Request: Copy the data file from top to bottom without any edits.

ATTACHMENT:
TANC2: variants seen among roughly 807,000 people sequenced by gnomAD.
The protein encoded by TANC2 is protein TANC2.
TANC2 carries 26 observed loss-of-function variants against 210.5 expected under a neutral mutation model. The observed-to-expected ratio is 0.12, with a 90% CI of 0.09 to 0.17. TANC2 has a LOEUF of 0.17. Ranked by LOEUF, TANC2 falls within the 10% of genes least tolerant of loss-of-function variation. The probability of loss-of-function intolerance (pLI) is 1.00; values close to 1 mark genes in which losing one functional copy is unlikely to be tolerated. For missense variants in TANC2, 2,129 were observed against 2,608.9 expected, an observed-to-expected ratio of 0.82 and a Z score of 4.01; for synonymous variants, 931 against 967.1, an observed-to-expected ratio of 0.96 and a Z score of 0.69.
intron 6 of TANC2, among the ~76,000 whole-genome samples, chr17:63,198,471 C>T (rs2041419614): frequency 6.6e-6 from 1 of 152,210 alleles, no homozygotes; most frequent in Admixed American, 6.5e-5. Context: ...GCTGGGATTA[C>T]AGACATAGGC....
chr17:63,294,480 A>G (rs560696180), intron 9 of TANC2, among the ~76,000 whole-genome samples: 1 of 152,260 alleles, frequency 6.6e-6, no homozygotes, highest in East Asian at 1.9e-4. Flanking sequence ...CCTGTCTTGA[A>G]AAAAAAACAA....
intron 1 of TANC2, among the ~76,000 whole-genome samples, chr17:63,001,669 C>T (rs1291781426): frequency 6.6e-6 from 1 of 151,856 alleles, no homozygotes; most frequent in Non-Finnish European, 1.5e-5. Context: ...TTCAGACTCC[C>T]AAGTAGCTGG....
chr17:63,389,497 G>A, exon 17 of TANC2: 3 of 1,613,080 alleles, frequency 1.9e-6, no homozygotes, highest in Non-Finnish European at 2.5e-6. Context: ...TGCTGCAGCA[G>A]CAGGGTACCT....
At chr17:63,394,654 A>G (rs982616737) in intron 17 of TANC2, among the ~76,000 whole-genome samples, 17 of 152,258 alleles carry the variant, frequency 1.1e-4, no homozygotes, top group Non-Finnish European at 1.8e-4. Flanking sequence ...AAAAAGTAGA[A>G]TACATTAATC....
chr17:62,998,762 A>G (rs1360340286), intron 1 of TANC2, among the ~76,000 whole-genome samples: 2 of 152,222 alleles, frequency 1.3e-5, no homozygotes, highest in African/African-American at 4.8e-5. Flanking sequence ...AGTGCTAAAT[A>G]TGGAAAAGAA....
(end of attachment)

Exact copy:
TANC2: variants seen among roughly 807,000 people sequenced by gnomAD.
The protein encoded by TANC2 is protein TANC2.
TANC2 carries 26 observed loss-of-function variants against 210.5 expected under a neutral mutation model. The observed-to-expected ratio is 0.12, with a 90% CI of 0.09 to 0.17. TANC2 has a LOEUF of 0.17. Ranked by LOEUF, TANC2 falls within the 10% of genes least tolerant of loss-of-function variation. The probability of loss-of-function intolerance (pLI) is 1.00; values close to 1 mark genes in which losing one functional copy is unlikely to be tolerated. For missense variants in TANC2, 2,129 were observed against 2,608.9 expected, an observed-to-expected ratio of 0.82 and a Z score of 4.01; for synonymous variants, 931 against 967.1, an observed-to-expected ratio of 0.96 and a Z score of 0.69.
intron 6 of TANC2, among the ~76,000 whole-genome samples, chr17:63,198,471 C>T (rs2041419614): frequency 6.6e-6 from 1 of 152,210 alleles, no homozygotes; most frequent in Admixed American, 6.5e-5. Context: ...GCTGGGATTA[C>T]AGACATAGGC....
chr17:63,294,480 A>G (rs560696180), intron 9 of TANC2, among the ~76,000 whole-genome samples: 1 of 152,260 alleles, frequency 6.6e-6, no homozygotes, highest in East Asian at 1.9e-4. Flanking sequence ...CCTGTCTTGA[A>G]AAAAAAACAA....
intron 1 of TANC2, among the ~76,000 whole-genome samples, chr17:63,001,669 C>T (rs1291781426): frequency 6.6e-6 from 1 of 151,856 alleles, no homozygotes; most frequent in Non-Finnish European, 1.5e-5. Context: ...TTCAGACTCC[C>T]AAGTAGCTGG....
chr17:63,389,497 G>A, exon 17 of TANC2: 3 of 1,613,080 alleles, frequency 1.9e-6, no homozygotes, highest in Non-Finnish European at 2.5e-6. Context: ...TGCTGCAGCA[G>A]CAGGGTACCT....
At chr17:63,394,654 A>G (rs982616737) in intron 17 of TANC2, among the ~76,000 whole-genome samples, 17 of 152,258 alleles carry the variant, frequency 1.1e-4, no homozygotes, top group Non-Finnish European at 1.8e-4. Flanking sequence ...AAAAAGTAGA[A>G]TACATTAATC....
chr17:62,998,762 A>G (rs1360340286), intron 1 of TANC2, among the ~76,000 whole-genome samples: 2 of 152,222 alleles, frequency 1.3e-5, no homozygotes, highest in African/African-American at 4.8e-5. Flanking sequence ...AGTGCTAAAT[A>G]TGGAAAAGAA....